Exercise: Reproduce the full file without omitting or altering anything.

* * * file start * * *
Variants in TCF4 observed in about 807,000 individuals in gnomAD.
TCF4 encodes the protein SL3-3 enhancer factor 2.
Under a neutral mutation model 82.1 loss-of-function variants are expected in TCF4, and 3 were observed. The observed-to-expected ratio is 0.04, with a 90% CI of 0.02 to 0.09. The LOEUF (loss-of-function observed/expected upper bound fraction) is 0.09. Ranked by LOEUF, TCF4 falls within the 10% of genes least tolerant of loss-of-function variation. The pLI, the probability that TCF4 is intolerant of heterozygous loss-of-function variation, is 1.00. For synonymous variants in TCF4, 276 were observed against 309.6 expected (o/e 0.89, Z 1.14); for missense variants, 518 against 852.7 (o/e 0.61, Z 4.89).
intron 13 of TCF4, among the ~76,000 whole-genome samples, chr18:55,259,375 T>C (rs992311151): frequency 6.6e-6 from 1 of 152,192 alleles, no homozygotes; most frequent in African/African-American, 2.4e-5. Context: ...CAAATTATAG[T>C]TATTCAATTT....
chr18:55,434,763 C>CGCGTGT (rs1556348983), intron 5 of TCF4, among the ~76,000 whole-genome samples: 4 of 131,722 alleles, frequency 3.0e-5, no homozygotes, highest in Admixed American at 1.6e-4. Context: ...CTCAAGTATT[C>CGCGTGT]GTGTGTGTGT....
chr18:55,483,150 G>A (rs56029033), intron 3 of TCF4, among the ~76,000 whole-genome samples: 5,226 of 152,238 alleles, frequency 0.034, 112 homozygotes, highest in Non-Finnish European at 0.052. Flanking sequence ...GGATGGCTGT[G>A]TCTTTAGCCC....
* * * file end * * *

Variants in TCF4 observed in about 807,000 individuals in gnomAD.
TCF4 encodes the protein SL3-3 enhancer factor 2.
Under a neutral mutation model 82.1 loss-of-function variants are expected in TCF4, and 3 were observed. The observed-to-expected ratio is 0.04, with a 90% CI of 0.02 to 0.09. The LOEUF (loss-of-function observed/expected upper bound fraction) is 0.09. Ranked by LOEUF, TCF4 falls within the 10% of genes least tolerant of loss-of-function variation. The pLI, the probability that TCF4 is intolerant of heterozygous loss-of-function variation, is 1.00. For synonymous variants in TCF4, 276 were observed against 309.6 expected (o/e 0.89, Z 1.14); for missense variants, 518 against 852.7 (o/e 0.61, Z 4.89).
intron 13 of TCF4, among the ~76,000 whole-genome samples, chr18:55,259,375 T>C (rs992311151): frequency 6.6e-6 from 1 of 152,192 alleles, no homozygotes; most frequent in African/African-American, 2.4e-5. Context: ...CAAATTATAG[T>C]TATTCAATTT....
chr18:55,434,763 C>CGCGTGT (rs1556348983), intron 5 of TCF4, among the ~76,000 whole-genome samples: 4 of 131,722 alleles, frequency 3.0e-5, no homozygotes, highest in Admixed American at 1.6e-4. Context: ...CTCAAGTATT[C>CGCGTGT]GTGTGTGTGT....
chr18:55,483,150 G>A (rs56029033), intron 3 of TCF4, among the ~76,000 whole-genome samples: 5,226 of 152,238 alleles, frequency 0.034, 112 homozygotes, highest in Non-Finnish European at 0.052. Flanking sequence ...GGATGGCTGT[G>A]TCTTTAGCCC....